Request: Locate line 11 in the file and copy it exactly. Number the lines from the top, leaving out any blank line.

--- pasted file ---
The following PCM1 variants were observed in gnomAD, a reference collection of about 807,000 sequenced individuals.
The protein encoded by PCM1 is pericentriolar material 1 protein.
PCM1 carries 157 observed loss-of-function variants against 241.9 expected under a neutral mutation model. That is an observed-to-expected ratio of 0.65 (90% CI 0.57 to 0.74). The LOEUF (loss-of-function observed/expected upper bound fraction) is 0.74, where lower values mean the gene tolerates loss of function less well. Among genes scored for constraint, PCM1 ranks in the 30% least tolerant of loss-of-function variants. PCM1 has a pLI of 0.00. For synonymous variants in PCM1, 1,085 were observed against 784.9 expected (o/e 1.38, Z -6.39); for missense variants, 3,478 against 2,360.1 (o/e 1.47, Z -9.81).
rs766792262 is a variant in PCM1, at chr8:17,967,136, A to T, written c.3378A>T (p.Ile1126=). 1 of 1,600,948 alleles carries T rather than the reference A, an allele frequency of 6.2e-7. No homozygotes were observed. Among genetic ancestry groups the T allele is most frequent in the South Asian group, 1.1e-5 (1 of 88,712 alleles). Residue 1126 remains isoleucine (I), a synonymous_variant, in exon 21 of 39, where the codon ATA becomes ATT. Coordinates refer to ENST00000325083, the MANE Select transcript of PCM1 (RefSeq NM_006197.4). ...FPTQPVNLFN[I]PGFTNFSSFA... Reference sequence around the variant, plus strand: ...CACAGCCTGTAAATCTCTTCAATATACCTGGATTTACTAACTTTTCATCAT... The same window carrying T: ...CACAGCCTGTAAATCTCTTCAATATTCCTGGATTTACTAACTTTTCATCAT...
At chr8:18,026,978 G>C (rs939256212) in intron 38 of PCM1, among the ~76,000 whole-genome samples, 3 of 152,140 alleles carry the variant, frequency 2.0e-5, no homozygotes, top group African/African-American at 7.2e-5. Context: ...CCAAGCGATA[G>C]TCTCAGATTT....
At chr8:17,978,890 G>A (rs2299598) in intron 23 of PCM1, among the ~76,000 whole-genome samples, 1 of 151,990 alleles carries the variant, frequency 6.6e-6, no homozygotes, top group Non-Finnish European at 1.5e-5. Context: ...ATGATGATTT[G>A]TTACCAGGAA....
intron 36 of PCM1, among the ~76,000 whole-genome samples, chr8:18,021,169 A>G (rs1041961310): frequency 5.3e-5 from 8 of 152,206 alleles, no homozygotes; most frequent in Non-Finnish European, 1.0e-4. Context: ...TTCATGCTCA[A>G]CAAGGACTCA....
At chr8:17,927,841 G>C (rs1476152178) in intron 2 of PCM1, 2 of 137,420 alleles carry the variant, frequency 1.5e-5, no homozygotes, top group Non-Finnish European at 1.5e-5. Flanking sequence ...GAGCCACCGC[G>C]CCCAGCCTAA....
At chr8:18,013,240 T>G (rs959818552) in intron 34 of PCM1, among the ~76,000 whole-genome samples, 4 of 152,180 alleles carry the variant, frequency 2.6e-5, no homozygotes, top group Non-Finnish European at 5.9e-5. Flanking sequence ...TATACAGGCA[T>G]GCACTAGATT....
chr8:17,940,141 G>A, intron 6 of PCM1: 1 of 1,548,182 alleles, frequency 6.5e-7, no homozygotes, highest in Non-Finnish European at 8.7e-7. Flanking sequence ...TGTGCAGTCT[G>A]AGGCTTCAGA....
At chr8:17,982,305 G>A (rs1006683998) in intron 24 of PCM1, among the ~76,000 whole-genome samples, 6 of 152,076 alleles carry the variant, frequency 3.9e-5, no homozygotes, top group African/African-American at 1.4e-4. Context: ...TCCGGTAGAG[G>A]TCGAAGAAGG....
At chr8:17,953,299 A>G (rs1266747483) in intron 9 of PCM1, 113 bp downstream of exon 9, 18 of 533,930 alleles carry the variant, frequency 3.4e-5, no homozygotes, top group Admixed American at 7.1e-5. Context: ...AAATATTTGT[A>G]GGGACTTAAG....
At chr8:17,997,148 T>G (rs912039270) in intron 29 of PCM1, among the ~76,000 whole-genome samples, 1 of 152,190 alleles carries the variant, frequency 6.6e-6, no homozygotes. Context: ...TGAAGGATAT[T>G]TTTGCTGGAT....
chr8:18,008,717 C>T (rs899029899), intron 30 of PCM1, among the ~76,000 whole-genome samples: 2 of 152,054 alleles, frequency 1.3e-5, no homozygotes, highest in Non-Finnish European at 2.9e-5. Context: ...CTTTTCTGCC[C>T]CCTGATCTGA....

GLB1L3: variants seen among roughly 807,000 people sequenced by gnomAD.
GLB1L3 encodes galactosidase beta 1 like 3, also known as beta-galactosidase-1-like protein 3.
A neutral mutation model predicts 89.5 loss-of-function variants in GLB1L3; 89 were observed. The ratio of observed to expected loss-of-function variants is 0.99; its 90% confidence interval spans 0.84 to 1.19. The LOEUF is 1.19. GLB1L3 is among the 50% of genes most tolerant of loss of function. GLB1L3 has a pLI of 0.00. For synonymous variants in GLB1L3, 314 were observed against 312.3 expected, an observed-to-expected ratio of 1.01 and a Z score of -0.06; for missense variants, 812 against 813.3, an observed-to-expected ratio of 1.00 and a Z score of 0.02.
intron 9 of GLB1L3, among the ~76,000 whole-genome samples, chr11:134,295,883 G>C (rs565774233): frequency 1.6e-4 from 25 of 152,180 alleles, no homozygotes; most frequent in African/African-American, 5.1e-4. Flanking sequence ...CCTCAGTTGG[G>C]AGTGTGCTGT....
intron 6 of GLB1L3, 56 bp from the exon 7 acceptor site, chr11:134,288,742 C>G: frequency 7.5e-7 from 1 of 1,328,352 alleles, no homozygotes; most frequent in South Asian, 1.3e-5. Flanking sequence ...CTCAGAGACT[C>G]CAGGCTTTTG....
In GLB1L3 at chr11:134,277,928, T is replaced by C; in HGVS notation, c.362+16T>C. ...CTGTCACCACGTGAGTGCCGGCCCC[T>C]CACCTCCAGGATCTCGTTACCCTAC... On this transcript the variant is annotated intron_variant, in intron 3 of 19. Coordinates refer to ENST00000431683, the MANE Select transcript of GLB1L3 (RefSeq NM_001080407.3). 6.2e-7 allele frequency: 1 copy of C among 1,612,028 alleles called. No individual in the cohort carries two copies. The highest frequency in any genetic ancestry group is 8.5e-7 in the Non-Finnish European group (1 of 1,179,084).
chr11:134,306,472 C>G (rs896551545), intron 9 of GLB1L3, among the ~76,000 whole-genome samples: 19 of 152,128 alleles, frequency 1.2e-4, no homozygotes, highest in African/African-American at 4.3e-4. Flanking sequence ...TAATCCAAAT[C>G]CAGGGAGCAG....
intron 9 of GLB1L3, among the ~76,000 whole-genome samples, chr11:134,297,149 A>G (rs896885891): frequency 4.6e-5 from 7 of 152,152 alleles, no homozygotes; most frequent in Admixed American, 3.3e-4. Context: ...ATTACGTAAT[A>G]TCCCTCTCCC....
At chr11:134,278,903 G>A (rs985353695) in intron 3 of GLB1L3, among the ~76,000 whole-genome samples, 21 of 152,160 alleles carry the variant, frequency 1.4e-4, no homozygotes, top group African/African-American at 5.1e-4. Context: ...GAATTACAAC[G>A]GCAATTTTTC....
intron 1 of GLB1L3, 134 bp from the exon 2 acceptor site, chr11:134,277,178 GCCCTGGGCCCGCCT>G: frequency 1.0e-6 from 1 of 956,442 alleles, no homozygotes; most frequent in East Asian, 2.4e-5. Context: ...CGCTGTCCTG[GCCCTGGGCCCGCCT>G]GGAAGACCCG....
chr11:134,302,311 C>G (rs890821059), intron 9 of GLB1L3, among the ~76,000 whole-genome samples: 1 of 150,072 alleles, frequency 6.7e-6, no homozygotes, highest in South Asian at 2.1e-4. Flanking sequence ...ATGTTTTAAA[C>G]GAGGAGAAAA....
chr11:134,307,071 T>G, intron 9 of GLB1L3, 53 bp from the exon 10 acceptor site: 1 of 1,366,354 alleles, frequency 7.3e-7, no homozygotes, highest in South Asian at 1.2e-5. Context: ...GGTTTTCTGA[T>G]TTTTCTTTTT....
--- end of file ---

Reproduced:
At chr8:17,982,305 G>A (rs1006683998) in intron 24 of PCM1, among the ~76,000 whole-genome samples, 6 of 152,076 alleles carry the variant, frequency 3.9e-5, no homozygotes, top group African/African-American at 1.4e-4. Context: ...TCCGGTAGAG[G>A]TCGAAGAAGG....